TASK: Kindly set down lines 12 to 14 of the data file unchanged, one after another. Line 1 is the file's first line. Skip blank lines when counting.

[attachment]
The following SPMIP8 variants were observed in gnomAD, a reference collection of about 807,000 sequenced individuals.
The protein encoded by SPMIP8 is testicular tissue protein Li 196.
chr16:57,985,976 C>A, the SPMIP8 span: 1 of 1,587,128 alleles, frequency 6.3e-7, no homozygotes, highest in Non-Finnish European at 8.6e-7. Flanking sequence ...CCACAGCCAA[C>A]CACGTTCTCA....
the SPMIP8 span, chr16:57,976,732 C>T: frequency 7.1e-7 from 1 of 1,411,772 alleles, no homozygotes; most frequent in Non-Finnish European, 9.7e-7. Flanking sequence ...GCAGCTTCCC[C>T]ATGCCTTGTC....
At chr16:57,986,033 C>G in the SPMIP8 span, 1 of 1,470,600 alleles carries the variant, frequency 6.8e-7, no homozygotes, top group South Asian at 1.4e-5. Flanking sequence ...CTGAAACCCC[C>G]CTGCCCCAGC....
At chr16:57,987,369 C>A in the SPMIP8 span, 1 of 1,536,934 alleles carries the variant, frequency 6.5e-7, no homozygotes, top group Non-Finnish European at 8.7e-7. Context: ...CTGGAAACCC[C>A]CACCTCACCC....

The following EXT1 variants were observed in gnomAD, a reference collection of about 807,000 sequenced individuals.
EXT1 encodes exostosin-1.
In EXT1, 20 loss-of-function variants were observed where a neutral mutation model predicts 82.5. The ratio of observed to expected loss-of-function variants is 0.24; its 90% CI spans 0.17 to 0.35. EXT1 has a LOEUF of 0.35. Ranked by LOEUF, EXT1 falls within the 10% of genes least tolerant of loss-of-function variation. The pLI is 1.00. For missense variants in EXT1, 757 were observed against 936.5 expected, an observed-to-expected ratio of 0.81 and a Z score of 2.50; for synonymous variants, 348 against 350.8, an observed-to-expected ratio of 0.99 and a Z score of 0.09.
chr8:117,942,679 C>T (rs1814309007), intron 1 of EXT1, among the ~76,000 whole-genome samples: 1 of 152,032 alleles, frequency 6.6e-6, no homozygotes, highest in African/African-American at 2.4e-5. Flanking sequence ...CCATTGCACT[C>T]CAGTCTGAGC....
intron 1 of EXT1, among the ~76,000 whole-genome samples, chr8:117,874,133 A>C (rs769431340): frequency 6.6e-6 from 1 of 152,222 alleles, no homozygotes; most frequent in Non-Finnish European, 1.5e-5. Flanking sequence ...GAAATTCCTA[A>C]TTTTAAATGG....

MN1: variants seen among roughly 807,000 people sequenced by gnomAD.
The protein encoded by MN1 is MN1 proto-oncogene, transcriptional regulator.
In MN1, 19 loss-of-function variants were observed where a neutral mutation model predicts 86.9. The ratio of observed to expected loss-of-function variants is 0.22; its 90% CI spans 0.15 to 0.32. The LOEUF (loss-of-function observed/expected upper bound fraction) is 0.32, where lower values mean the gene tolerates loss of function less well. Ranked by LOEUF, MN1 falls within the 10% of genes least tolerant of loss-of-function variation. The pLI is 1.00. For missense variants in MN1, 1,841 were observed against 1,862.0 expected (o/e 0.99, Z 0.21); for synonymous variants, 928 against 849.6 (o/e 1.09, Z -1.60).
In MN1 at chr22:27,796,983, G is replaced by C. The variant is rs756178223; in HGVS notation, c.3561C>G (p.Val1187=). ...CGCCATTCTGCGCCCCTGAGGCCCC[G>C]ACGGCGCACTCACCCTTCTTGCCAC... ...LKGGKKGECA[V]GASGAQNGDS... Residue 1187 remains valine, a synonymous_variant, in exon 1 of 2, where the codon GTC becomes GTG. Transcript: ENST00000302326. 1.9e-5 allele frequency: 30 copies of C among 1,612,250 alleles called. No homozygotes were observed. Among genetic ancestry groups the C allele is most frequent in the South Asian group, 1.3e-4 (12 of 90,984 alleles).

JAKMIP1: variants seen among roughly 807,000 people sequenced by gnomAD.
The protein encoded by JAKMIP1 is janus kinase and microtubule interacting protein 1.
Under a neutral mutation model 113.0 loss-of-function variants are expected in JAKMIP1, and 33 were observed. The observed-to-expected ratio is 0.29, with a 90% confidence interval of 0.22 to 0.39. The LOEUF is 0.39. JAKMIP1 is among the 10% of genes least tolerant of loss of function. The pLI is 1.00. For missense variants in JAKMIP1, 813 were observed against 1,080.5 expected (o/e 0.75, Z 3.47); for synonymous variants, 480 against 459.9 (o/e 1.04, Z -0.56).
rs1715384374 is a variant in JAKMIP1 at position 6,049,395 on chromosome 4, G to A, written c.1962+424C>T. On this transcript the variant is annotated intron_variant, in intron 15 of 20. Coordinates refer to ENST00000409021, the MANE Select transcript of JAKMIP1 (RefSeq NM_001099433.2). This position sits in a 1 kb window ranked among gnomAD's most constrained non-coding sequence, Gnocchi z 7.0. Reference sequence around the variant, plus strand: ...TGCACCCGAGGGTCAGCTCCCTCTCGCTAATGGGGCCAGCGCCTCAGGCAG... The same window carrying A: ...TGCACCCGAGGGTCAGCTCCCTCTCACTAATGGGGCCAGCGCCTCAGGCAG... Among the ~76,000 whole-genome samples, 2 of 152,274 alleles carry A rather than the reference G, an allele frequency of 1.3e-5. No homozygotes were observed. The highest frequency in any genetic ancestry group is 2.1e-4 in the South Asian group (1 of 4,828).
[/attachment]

MN1: variants seen among roughly 807,000 people sequenced by gnomAD.
The protein encoded by MN1 is MN1 proto-oncogene, transcriptional regulator.
In MN1, 19 loss-of-function variants were observed where a neutral mutation model predicts 86.9. The ratio of observed to expected loss-of-function variants is 0.22; its 90% CI spans 0.15 to 0.32. The LOEUF (loss-of-function observed/expected upper bound fraction) is 0.32, where lower values mean the gene tolerates loss of function less well. Ranked by LOEUF, MN1 falls within the 10% of genes least tolerant of loss-of-function variation. The pLI is 1.00. For missense variants in MN1, 1,841 were observed against 1,862.0 expected (o/e 0.99, Z 0.21); for synonymous variants, 928 against 849.6 (o/e 1.09, Z -1.60).